Student with Down syndrome embraced by swim community
WESTON — Feeling included and part of a group is a focus for many high school students. For Jack Piscitell, a Weston High School senior with Down syndrome, that goal can prove a bit more challenging.
However, that hasn’t stopped the 19-year-old from following his passion for swimming. In fact, the high school swim team has welcomed him with open arms, and to Piscitell, have become an extended family.
Piscitell’s mother, Cathleen Crowley-Piscitell, remembers bringing Jack the pool at just 6-months old.
“I brought him to a birth to 3 programs to help him with strength and flexibility,” she said. “When Jack was in the second grade, we learned that in the middle school he would have to swim the width of the pool. To prevent him from being embarrassed, we did private swim lessons weekly and year-round.”
In fifth grade, Piscitell was able to join the swimming club, but it was short-lived, as he was cut in sixth grade for not being fast enough.
From then on, Crowley-Piscitell recalls spending a lot of time finding another team for her son to join. For years, she said she remembers the YMCA telling her that in the future there would be a new Westport/Weston building and for her to “be patient.”
When Piscitell was in the seventh-grade, he began swimming with the Trumbull Special Olympics team in a Milford YMCA pool with adults, all over the age of 30. As Piscitell was the youngest on the team, his mother felt that he was out of place.
It was finally after joining the high school team in January of his sophomore year, that Piscitell was able to be with kids his own age. Within the last year, Piscitell has won the Southwest Conference championship with his teammates and also received a varsity letter. Throughout Piscitell’s high school swim meets, he has participated the 50 Freestyle and 200 Free Relay.
Piscetell’s teammates and coach have embraced him as part of the team.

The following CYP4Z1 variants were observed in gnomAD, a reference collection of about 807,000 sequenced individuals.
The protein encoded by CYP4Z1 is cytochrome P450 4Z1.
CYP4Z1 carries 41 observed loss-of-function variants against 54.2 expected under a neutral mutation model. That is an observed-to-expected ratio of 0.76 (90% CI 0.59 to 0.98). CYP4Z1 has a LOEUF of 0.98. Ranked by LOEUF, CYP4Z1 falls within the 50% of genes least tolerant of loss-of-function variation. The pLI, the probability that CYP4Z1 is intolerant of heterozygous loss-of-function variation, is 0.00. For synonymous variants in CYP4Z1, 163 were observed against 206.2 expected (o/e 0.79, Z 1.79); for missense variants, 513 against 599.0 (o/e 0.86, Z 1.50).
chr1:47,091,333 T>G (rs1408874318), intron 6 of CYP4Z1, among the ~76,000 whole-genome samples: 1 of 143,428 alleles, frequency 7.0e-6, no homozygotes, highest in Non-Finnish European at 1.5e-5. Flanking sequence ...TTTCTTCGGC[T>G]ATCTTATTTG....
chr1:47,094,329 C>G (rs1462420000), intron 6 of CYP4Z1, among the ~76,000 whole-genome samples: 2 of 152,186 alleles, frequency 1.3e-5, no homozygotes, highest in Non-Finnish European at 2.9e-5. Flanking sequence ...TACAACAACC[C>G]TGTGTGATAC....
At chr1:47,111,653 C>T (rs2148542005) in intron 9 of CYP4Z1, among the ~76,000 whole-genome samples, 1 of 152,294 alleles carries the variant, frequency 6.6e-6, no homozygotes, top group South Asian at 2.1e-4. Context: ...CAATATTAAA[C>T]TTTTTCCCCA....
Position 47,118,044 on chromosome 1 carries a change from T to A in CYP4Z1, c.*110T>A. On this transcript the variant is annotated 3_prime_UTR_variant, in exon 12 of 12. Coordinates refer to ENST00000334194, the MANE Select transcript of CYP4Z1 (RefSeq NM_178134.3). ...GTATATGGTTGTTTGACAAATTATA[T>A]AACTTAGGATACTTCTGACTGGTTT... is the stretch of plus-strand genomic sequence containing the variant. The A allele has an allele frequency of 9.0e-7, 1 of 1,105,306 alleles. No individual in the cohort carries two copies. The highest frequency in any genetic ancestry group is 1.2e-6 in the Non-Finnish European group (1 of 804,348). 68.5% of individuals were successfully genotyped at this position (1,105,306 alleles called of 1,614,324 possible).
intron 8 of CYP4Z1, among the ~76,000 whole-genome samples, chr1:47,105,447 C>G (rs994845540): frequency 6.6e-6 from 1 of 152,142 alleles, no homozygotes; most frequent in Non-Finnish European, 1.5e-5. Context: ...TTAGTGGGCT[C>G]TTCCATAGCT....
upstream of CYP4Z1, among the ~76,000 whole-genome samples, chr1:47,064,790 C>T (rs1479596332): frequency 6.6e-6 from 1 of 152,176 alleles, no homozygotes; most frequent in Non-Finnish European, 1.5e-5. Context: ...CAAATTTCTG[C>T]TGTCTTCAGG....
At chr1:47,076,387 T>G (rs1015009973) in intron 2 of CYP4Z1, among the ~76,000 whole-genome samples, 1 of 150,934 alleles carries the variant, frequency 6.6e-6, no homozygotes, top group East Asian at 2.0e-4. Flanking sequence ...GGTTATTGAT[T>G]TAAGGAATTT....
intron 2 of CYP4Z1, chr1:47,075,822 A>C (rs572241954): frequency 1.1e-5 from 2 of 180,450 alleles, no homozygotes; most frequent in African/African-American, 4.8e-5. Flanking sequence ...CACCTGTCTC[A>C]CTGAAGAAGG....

When he missed the order deadline for school swim gear, coach Brandon Barone took the sweatshirt off his back and gave to Piscitell, because “it’s all about making the memories,” Barone said.
Barone has been the head coach of both the girls and boys teams since spring of 2018. It was during the winter 2017-18 season, when he was the interim head coach for the boys team, that Barone met Piscitell.
During senior night on Feb. 25, Piscitell and his teammates were honored during an evening of recognition and awards. That night, he had received the “Spirit Award” for his enthusiasm to compete in multiple races.
“Jack, as a senior, has been embraced by a community of swimmers, and true friends, who he, in turn, has helped teach about compassion, inclusion, patience and passion,” said Peter Saverine, director of philanthropy at STAR, Inc.
Norwalk-based nonprofit STAR, Inc., was founded over 60 years ago by local parents who envisioned lives of inclusion for children with developmental disabilities in the community.
“Jack is an example of that inclusion. He is living the future our founders could dream of,” Saverine said. “His future is one still to be written and everyone in the community can help create opportunities for him to write it — just as his fellow swimmers have done this year.”